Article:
Architecture is often destiny. Take for instance Ralph Rapson’s explicitly utopian project, Cedar Square West (now called Riverside Plaza) in Minneapolis. It was conceived to house city residents across the entire economic spectrum (Mary Richards moved on up to the building in the final two seasons of The Mary Tyler Moore Show), but as CSW developed maintenance problems, it became exclusively low income housing, marked by decidedly short-term residencies (suggesting people move out as soon as they can afford to). The imposing complex designed by Anthony Royal is sort of the British retro-Brutalist leftist dystopian version of Cedar Square West. Despite its initial prestige, Royal’s building is even less livable for tenants in Ben Wheatley’s J.G. Ballard adaptation, High-Rise (trailer here), which screens during this year’s Tribeca Film Festival.
As he looks back on his relatively short time as a High-Rise resident, Dr. Robert Laing grills up a leg of one of the last formerly surviving pet canines, so we know he is a survivor. Moving into the building is quite a coup at the time. The fact that the terrace of attractive single mother Charlotte Melville overlooks his own is a nice bonus. He quickly recognizes her status as the alpha queen of the middle floors’ social scene.
Rather surprisingly, Laing is summoned to the penthouse for a personal welcome from Royal. Even though Melville’s hedonistic bashes look like much more fun than the Versailles-style shindigs thrown by Royal’s wife, Laing craves acceptance from the upper floors. However, the ruthless Pangbourne and his claque keep kicking the doctor back down to where he belongs. Meanwhile, documentarian and lower floor resident Richard Wilder craves Melville, but she will never willingly lower herself to his level. Her rejection will partly fuel the rage that transforms him into a class warrior—and a rapist. (Names are also destiny in the High-Rise.)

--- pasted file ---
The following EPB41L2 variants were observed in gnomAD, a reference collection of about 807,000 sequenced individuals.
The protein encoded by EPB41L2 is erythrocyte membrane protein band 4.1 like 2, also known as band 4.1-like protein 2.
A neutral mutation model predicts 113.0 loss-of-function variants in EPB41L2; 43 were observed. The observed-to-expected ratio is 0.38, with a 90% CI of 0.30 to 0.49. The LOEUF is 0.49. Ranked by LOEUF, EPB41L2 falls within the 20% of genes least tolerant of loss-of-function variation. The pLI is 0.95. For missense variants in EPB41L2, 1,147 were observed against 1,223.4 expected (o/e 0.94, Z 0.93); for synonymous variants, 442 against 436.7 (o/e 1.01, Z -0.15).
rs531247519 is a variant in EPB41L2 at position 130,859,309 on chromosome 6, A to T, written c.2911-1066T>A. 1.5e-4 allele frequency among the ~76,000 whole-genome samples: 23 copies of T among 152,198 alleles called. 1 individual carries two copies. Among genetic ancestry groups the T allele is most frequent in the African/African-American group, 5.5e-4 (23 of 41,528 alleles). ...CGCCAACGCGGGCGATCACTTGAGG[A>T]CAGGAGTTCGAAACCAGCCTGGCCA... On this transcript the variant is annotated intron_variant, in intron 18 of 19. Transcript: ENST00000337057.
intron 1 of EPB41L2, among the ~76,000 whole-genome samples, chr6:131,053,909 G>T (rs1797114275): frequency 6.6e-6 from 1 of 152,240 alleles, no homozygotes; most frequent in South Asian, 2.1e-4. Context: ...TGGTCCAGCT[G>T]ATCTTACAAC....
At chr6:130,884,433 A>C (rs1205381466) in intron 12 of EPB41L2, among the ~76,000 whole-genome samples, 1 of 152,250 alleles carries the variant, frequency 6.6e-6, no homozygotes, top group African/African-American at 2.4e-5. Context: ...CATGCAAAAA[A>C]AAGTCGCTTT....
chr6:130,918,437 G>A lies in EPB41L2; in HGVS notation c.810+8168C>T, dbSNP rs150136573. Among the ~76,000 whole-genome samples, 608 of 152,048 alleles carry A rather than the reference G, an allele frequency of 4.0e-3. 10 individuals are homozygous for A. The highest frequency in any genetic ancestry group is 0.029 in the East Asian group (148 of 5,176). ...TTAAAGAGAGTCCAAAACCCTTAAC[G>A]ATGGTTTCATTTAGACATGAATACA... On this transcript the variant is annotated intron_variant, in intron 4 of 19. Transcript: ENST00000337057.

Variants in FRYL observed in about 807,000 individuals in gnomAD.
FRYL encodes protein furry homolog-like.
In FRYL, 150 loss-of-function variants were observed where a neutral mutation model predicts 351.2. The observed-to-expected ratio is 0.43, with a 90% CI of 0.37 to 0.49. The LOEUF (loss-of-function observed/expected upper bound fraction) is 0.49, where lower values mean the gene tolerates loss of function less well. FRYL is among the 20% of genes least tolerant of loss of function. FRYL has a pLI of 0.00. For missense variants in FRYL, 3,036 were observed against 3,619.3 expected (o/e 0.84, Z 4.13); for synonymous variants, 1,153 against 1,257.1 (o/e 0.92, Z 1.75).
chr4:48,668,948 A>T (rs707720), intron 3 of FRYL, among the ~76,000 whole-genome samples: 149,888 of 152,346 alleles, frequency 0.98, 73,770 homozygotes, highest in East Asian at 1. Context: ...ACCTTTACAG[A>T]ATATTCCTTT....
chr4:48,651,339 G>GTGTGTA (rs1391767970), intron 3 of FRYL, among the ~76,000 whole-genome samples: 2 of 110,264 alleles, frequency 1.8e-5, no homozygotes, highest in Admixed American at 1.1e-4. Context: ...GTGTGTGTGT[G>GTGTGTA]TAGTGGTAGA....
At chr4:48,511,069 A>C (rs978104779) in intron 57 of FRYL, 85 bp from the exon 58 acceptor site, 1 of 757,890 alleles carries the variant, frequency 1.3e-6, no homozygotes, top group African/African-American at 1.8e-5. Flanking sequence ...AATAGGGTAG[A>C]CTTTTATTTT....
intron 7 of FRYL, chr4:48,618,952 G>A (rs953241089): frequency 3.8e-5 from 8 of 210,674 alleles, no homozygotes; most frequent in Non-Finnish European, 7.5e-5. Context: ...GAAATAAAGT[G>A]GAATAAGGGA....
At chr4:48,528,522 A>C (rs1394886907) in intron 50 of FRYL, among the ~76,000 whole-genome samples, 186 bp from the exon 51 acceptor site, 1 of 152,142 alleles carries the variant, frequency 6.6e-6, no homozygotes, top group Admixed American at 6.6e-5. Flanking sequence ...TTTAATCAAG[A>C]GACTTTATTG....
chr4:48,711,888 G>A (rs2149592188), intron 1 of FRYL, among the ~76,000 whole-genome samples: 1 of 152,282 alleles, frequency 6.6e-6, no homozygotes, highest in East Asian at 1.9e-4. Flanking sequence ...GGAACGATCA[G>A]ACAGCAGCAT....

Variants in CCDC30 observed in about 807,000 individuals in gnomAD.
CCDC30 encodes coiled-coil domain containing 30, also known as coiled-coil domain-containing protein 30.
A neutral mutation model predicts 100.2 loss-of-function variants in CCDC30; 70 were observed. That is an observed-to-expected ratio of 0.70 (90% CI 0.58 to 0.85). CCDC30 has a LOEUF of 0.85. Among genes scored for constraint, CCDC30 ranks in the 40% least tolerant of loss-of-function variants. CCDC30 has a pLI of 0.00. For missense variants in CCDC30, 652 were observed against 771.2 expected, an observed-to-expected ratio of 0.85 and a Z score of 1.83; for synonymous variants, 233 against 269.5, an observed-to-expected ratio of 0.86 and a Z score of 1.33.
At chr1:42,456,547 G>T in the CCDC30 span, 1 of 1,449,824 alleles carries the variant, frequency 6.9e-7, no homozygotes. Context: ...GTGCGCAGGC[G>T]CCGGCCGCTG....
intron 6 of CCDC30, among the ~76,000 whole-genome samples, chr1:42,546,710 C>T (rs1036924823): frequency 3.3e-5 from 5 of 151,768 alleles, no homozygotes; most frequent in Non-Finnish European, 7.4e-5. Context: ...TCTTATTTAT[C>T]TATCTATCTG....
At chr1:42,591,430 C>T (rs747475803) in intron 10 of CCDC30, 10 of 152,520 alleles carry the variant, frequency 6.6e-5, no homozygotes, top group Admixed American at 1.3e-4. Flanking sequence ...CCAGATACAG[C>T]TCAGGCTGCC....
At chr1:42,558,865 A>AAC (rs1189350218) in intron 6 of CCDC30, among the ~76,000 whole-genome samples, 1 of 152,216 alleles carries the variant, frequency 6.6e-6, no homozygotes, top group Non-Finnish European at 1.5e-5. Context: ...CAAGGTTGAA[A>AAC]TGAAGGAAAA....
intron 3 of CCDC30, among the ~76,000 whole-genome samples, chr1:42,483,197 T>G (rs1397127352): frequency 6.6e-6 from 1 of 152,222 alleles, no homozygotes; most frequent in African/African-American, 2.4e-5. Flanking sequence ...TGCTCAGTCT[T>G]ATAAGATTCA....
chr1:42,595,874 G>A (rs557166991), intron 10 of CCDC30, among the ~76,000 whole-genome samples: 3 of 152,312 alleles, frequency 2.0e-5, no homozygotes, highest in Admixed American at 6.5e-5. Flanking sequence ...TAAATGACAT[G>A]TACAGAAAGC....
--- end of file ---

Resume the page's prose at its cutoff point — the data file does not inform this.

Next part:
As any sort of coherent ideological, socio-economic satire, Wheatley’s High-Rise is a complete mess. Unfortunately, every departure from Ballard’s source novel (and its themes of tribalism and over-crowding) muddles the narrative rather than simplifying it. What was conceived more as a Malthusian parable Wheatley tries to fit into a Marxian box, but it simply does not fit. In fact, he largely loses control of the film’s political implications.
Let’s be frank, there is no capitalism going on in High-Rise. Instead, it is the very model of a modern major socialist state. Inside the building, the distribution of resources is rigidly controlled by the paternalistic Royal. It is a closed system that breeds dependency. As far as we know, there is no reason residents could not shop outside the building, yet they resort to eating dogs when the social order breaks down.
Arguably, High-Rise better illustrates the Burkean defense of class structure as a necessary bulwark against anarchy, causing the lower classes to suffer just as much as the rich, if not more so. Perhaps realizing the disconnect, Wheatley tacks on a risibly didactic epilogue featuring the audio of Margaret Thatcher speaking on the benefits of capitalism while his roving camera takes in the wreckage wrought by the preceding bedlam, but it makes no sense considering the events in question still take place in the 1975 of Ballard’s novel, four years before the green grocer’s daughter dispatched the ineffectual James Callaghan.
In some ways, High-Rise’s merits perversely work against it, particularly Jeremy Iron’s wry, multi-dimensional performance as Royal, which manages to humanize the very tippy-top of the one percent. Similarly, Luke Evans brings brutish menace to bear as Wilder, the Che-like Wilder. Tom Hiddleston’s Laing is fittingly passive, but much like Equals, the real star of High-Rise are the striking concrete and steel architectural backdrops, incorporating the work of production designer Mark Tildesley’s team and the era-appropriate locations, most notably including the Bangor Leisure Centre. It truly looks like a building that will have maintenance issues.